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Meaning of free consent in contract law is the parties entering into a contract must give an offer and acceptance at their own will and consent without any external factors or external forces. In this article, we have discussed notes on free consent in contract law.

Section 13 of the Indian Contract Act, defines the term ‘Consent’ as “Two or more persons are said to have consented that when they agree upon the same thing in the same sense.” This is also said as the identity of minds or in Latin terms said as ‘consensus-ad-idem’.

What is Free Consent in Contract Law?

The free consent meaning has been provided under Section 14 of the Indian Contract Act, defines the term, free consent means, “The consent is said to be free when it is not caused by’;

  1. Coercion (Sec.15)
  2. Undue Influence (Sec.16)
  3. Misrepresentation (Sec. 17)
  4. Fraud (Sec. 18)
  5. Mistake (Sec. 20-22)

Let’s discuss them one by one;

a) Coercion

The coercion is defined under section 15 of the Indian Contract Act, 1872 as “The Coercion is the committing, or threatening to commit, or any act which is forbidden by the Indian Penal Code, 1860 or unlawful detaining or threatening to detain any property, to the prejudice of any person to enter into an agreement”.

Consent is said to be free when it is not;

i) caused by committing or threatening to commit any illegal act
ii) unlawful detaining or threatening to detain any person or property

Example: A person forces his father that if he will not sign the property papers, then he will kill his father. 

Thus, the above example is amounting to coercion and the contract which is signed under coercion is a voidable contract.

In the case of Ammiraju v. Seshamma, the court held that the coercion may aim against any person or stranger.

b) Undue Influence

The undue influence has been defined under section 16 of the Indian Contract Act, 1872 as “A contract is said to be induced by the undue influence when the relations subsisting between the parties are such that one of the parties is in a position to dominate the will of the other and uses that position to obtain an unfair advantage over the other”.

Here, the person is deemed to be in a position to dominate the will of another;

i) where he/she holds real or apparent authority over another person,
ii) where he/she stands in a fiduciary relation to another person,
iii) where he/she makes a contract with a person whose mental capacity is temporarily or permanently affected by the age, illness or mental distress, or
iv) where he/she is a principal over the agent.

Example: A doctor is in the dominant position with the relation to his patient and here the doctor influences the patient to sign papers for the operation. Here, the doctor induces the patient to sign the paper and the patient is under the influence. 

c) Fraud

The fraud has been defined under section 17 of the Indian Contract Act, 1872 as the term fraud includes any of the following acts committed by a party to a contract, or with his connivance, or by his agent with intent to deceive another party or his agent or to induce him to enter into the contract;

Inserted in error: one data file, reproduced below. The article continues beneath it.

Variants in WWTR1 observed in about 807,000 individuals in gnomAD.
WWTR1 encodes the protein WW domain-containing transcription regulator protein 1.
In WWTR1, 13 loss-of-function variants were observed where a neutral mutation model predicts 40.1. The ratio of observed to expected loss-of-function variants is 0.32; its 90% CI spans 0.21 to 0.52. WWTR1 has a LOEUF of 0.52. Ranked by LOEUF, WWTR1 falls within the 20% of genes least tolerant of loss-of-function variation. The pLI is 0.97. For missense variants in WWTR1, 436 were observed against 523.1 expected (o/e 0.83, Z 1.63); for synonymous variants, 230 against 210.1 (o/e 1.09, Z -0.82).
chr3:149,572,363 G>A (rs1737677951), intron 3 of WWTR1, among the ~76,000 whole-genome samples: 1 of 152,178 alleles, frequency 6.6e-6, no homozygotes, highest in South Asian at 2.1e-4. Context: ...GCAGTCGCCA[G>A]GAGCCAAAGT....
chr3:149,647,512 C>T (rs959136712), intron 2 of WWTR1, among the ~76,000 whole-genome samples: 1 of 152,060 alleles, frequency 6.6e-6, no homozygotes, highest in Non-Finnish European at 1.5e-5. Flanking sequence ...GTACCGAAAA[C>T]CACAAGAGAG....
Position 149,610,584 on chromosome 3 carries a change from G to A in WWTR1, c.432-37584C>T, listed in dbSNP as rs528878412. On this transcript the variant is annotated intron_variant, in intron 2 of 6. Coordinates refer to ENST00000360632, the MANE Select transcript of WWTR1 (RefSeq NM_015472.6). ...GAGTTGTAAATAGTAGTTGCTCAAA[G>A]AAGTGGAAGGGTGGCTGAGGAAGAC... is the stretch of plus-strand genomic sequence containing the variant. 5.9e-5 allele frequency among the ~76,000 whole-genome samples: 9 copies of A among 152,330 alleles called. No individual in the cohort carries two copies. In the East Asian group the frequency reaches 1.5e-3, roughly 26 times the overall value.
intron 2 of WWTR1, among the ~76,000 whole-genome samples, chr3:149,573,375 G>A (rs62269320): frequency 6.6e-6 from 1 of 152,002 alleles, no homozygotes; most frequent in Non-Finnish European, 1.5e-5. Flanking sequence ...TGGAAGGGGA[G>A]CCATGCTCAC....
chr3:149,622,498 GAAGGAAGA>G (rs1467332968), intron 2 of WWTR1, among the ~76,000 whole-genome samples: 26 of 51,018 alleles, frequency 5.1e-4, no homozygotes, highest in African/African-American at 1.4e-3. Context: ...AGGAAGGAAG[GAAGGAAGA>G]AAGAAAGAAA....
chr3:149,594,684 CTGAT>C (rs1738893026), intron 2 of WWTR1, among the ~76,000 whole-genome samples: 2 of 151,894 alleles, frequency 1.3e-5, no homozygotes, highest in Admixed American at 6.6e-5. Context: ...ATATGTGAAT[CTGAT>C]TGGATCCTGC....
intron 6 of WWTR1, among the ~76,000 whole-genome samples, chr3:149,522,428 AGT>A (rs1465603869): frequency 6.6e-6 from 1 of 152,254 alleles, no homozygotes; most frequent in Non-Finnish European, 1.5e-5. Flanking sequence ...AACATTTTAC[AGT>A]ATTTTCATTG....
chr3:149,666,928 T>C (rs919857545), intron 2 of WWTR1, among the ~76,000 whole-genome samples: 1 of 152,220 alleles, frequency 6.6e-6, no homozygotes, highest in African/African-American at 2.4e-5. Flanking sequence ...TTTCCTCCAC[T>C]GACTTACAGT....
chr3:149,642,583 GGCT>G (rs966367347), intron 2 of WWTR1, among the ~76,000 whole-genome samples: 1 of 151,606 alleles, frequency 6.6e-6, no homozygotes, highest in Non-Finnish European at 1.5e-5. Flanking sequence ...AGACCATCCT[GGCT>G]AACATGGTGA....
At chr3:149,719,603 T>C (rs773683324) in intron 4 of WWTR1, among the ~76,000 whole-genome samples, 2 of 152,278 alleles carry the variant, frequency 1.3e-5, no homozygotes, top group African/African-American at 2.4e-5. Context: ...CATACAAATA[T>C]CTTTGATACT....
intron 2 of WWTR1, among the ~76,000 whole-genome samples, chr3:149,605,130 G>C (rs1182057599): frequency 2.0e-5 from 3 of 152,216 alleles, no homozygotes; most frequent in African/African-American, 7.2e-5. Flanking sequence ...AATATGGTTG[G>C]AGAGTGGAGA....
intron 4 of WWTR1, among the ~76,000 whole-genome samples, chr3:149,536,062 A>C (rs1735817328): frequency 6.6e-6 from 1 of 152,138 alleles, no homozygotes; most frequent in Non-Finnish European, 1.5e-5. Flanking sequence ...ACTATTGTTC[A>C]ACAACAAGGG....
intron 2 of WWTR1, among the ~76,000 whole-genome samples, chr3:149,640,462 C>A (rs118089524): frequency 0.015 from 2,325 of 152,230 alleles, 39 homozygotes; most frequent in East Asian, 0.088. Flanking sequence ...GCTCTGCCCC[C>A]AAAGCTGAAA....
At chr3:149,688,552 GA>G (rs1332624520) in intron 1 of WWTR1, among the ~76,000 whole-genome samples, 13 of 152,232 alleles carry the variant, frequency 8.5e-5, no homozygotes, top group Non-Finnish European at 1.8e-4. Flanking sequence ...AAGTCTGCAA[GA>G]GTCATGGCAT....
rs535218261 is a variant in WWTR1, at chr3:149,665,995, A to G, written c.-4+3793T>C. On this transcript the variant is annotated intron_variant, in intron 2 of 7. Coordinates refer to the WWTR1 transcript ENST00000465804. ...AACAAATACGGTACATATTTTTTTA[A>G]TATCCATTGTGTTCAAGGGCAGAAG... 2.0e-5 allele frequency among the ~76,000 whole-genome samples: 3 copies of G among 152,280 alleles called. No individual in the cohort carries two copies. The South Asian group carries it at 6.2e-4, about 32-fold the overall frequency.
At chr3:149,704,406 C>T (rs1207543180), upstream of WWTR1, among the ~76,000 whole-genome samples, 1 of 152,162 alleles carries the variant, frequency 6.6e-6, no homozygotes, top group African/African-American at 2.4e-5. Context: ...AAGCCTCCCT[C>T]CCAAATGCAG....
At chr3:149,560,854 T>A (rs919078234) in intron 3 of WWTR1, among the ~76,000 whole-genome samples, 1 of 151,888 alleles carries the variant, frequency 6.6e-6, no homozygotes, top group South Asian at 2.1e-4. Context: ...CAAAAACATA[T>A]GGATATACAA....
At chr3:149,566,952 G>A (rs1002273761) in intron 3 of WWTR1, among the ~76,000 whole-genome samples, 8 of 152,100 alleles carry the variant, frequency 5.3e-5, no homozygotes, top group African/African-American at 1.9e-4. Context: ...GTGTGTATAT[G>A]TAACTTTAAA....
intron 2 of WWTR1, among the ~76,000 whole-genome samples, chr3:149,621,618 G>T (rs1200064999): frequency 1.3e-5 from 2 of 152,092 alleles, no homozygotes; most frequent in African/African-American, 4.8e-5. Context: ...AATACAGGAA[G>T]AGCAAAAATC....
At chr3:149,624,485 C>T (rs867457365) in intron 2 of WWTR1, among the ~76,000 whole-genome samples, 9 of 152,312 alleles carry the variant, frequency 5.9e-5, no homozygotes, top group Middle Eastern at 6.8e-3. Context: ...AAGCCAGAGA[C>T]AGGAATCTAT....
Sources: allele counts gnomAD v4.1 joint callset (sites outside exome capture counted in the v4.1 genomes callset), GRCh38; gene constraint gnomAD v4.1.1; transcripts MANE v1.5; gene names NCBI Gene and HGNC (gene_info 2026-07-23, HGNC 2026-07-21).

i) The suggestion, which is not true, by one who does not believe it to be true.
ii) The active concealment of a fact by one having knowledge of the fact or belief of the fact.
iii) A promise made without any intention of performing it.
iv) Any other act or omission fitted to deceive.
v) Any such act or omission as the law specially declares to be fraudulent.

Here, mere silence as to facts likely to affect the willingness of a person who is entering into a contract is not amounting to fraud.

Example: A sells a horse to B, but the horse is unsound and A says nothing to B that the horse is not a sound mind. Here, A makes a fraud.

d) Misrepresentation

The misrepresentation has been defined under section 18 under the Indian Contract Act, 1872 as “The misrepresentation means, one party presenting the false representation of the facts without any wrong intentions or to deceive the other party. 

In misrepresentation, the party who presented the false facts is innocent and has done the act without knowing it and without any intention to deceive the other party.

e) Mistake

When one of the parties in the contract has given its consent to the contract under some kind of mistake,  misunderstanding or misinterpretation, then the consent is said to be have been given by mistake. 

At this point, the contract is voidable at the option of the party whose consent was obtained by mistake.

Example: Akash wanted to enter into a contract with Suresh but mistakenly enters into a contract with Ramesh believing him to be Suresh.

Under contract law, there are two kinds of mistakes;

1) Mistake of Law
2) Mistake of Fact

1) Mistake of Law

When the party has any misunderstanding with views to the law, it is called the Mistake of Law. Now, the party can be confused regarding the law of America or the law of a foreign land. If it is a mistake regarding the law of America, the contract cannot be avoided.

2) Mistake of Fact

When the parties have any misunderstanding regarding the facts, subject matter or terms and conditions of the contract, it is said to be a Mistake of fact. The misunderstanding can be on the part of one party or both of them.

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